Wednesday, July 3, 2013

Looking out for those living under the radar

PUTTING HUMANITY FIRST: The United Nations estimates that there are about 120,000 registered refugees in Malaysia. However, their existence is relatively unknown and so are their difficulties. Nuradilla Noorazam talks to a group of aspiring and passionate youngsters who are raising awareness of the plight of this 'invisible community'

WHEN a group of young, passionate individuals team up to help a community, it is bound to create a ripple and raise   societal awareness. 
Hoping to create such an awareness among Malaysians, four activists in Kuala Lumpur decided to assist refugees in the nation.
This year, they kicked off a fundraising programme to help supply a month's worth of food for 560 refugee families for the upcoming fasting month.
"Feed a Family" is a social initiative to help families of asylum seekers experience an enriching Ramadan by providing them with food and donations.
With a donation of RM200, donors are able to support one refugee family for the whole of Ramadan.
Operating under the name "Carefugees", an open group that provides care and support for the refugee community, volunteer Amin Rahman said the group's aim was to create a sustainable, fun and easy module for Malaysians to help those who were less fortunate through crowd sourcing.
"We mainly communicate with our friends and followers through social media and word of mouth.
"It is quite remarkable to see that there are many Malaysians who do not know about asylum seekers who are suffering in their own backyard.
"When they find out about the asylum seekers, they are willing to help as Malaysians are compassionate and charitable in nature."
"Carefugees" is still looking for funding to proceed with future projects, like a mentor programme for refugee children and supplying education materials.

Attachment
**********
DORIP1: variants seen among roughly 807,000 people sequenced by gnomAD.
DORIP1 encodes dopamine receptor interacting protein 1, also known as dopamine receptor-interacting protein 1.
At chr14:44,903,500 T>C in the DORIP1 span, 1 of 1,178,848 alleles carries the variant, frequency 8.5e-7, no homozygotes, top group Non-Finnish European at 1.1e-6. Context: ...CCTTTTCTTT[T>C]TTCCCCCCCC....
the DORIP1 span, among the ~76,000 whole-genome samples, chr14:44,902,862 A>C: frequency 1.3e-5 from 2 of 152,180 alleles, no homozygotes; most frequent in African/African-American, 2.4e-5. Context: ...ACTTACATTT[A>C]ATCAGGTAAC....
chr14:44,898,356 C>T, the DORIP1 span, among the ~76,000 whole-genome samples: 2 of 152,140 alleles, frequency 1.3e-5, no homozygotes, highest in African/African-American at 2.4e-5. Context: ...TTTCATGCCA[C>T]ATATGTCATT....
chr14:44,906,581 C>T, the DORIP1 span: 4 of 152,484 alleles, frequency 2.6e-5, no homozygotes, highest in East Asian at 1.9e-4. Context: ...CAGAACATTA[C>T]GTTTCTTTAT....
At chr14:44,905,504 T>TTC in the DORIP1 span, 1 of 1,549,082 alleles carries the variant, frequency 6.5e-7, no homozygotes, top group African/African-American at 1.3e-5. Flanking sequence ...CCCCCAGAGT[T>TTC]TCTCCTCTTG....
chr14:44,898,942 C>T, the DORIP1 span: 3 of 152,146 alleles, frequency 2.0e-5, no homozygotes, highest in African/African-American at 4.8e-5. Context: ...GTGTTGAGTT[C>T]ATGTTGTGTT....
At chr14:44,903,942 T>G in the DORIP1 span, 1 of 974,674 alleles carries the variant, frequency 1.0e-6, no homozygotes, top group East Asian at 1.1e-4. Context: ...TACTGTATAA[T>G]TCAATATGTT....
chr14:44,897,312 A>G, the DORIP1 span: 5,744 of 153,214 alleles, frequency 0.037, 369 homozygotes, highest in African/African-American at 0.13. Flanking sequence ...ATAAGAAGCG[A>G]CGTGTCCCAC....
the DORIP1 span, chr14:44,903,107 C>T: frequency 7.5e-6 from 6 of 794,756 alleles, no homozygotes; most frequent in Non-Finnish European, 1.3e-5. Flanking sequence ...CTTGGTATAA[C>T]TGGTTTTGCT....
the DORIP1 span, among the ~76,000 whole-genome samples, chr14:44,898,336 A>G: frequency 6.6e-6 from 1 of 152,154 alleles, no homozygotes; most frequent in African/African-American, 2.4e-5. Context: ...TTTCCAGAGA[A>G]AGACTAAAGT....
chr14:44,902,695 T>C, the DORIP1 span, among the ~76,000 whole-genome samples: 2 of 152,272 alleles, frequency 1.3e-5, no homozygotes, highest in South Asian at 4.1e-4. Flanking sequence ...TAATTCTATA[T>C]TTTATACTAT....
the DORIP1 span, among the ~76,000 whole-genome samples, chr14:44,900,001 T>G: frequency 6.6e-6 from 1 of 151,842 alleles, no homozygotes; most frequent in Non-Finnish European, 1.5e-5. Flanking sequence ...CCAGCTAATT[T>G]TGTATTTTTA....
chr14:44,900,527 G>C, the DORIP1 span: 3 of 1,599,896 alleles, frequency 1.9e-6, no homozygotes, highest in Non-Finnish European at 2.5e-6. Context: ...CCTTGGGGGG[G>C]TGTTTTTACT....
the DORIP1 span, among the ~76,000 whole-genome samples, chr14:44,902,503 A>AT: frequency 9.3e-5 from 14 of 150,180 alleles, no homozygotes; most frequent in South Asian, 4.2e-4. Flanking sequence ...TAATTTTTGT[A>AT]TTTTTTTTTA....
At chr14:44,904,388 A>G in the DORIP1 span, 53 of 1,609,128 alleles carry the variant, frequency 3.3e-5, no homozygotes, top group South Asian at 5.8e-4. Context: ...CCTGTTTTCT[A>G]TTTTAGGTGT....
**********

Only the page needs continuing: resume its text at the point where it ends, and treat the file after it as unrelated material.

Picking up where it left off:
Volunteer Amira Hisham said the group expected the number of refugees from the Middle East to increase in the next two weeks because of the political instability there.
"We started with 550 families for the campaign and now, we are preparing for 600 families."
Amira added that the voucher mechanism had been proven to be successful as people were more willing to donate using a voucher.
"For every RM50 donated, donors will get a blue voucher as proof of their donation.
"If they donate RM200, they will get four vouchers," she said, while her friend, Wajahat Meenai, displayed the voucher.
Social activist Azra Banu said "Carefugees" was working hand in hand with the non-governmental organisation Malaysian Social Research Institute and its Sahabat Centre, a service centre for asylum seekers who have registered with the institute, as well as government agencies.
"The number of refugees from the Middle East has doubled since last year.
"Last year, there were 290 Middle Eastern refugee families in Malaysia. Now, there are 560 families.
"We think that it is high time for us to help these families, so that they do not have to suffer."
Azra said "Carefugees" was planning to set up a school for 200 refugee children in the near future using the funds that they had collected.
"Refugee children deserve an education as much as anyone else.
"We have also realised that at times like these, women appear to be more resilient than men.
"We have women in the refugee community who can sew and cook.
"They want to work hard to cater to their community."
Refugee children who have no access to schools spend time at community centres and depend on volunteer teachers for an education. Pix by Muhd Asyraf Sawal